NEW: Subscribe to Hacking with Swift+ and accelerate your learning! >>

How to animate the size of text

Paul Hudson    @twostraws   

Updated for Xcode 12.0

SwiftUI doesn’t have a built-in way to animate text size, but we can create an AnimatableModifier that makes the effect possible. This is not the same as using a simple scaleEffect() modifier – that will cause your text to become blurry when scaled up, whereas this custom animation will re-render your text correctly so it looks great at all sizes.

First, we need an AnimatableModifier that accepts a name and size, and uses the size property for its animatable data:

struct AnimatableCustomFontModifier: AnimatableModifier {
    var name: String
    var size: CGFloat

    var animatableData: CGFloat {
        get { size }
        set { size = newValue }
    }

    func body(content: Content) -> some View {
        content
            .font(.custom(name, size: size))
    }
}

To make that easier to use, I recommend wrapping it in a View extension, like this:

extension View {
    func animatableFont(name: String, size: CGFloat) -> some View {
        self.modifier(AnimatableCustomFontModifier(name: name, size: size))
    }
}

That’s it! To try it out, make an @State property to store your font size, then pass that into animatableFont().

For example, this will scale the text “Hello, World!” up and down, using Georgia:

struct ContentView: View {
    @State private var fontSize: CGFloat = 32

    var body: some View {
        Text("Hello, World!")
            .animatableFont(name: "Georgia", size: fontSize)
            .onTapGesture {
                withAnimation(Animation.spring(response: 0.5, dampingFraction: 0.5, blendDuration: 1).repeatForever()) {
                    self.fontSize = 144
                }
            }
    }
}

If you wanted to use Apple’s system fonts, the best way to do that is with a separate AnimatableModifier:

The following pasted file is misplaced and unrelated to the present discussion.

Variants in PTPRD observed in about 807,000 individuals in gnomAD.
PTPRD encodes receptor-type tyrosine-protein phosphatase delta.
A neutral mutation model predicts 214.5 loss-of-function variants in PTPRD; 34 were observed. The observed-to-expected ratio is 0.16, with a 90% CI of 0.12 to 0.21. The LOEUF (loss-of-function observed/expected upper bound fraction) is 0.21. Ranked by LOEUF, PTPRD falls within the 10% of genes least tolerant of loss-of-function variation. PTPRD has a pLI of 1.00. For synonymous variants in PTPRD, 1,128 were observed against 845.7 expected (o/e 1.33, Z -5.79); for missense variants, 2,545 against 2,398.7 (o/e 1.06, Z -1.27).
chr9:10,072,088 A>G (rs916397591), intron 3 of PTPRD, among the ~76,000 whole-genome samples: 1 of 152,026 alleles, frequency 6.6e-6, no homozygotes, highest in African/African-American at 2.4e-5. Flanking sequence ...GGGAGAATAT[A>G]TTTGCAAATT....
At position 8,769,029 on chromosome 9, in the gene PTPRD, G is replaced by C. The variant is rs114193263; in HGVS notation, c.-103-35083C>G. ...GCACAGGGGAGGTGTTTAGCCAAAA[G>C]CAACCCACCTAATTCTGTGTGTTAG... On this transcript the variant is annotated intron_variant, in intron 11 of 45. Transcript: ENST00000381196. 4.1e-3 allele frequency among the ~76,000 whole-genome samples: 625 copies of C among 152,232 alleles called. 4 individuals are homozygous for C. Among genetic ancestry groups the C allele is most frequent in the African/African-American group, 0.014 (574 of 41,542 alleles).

struct AnimatableSystemFontModifier: AnimatableModifier {
    var size: CGFloat
    var weight: Font.Weight
    var design: Font.Design

    var animatableData: CGFloat {
        get { size }
        set { size = newValue }
    }

    func body(content: Content) -> some View {
        content
            .font(.system(size: size, weight: weight, design: design))
    }
}

That also works better when wrapped in a View extension such as this:

extension View {
    func animatableSystemFont(size: CGFloat, weight: Font.Weight = .regular, design: Font.Design = .default) -> some View {
        self.modifier(AnimatableSystemFontModifier(size: size, weight: weight, design: design))
    }
}

I first saw this technique applied in Apple sample code, and by using the system font you’re making sure your UI stays updated if the font ever changes.

Hacking with Swift is sponsored by NSSpain

SPONSORED Announcing NSSpain 2020: Remote Edition! An online, continuous conference for iOS developers. We’ll start on Thursday and finish on Friday, with talks, activities, and lots of fun for 36 hours, non-stop. Sound good? Join us!

Find out more

Sponsor Hacking with Swift and reach the world's largest Swift community!

Similar solutions…

BUY OUR BOOKS
Buy Pro Swift Buy Swift Design Patterns Buy Testing Swift Buy Hacking with iOS Buy Swift Coding Challenges Buy Swift on Sundays Volume One Buy Server-Side Swift (Vapor Edition) Buy Advanced iOS Volume One Buy Advanced iOS Volume Two Buy Advanced iOS Volume Three Buy Hacking with watchOS Buy Hacking with tvOS Buy Hacking with macOS Buy Dive Into SpriteKit Buy Swift in Sixty Seconds Buy Objective-C for Swift Developers Buy Server-Side Swift (Kitura Edition) Buy Beyond Code

Was this page useful? Let us know!

Average rating: 5.0/5

Link copied to your pasteboard.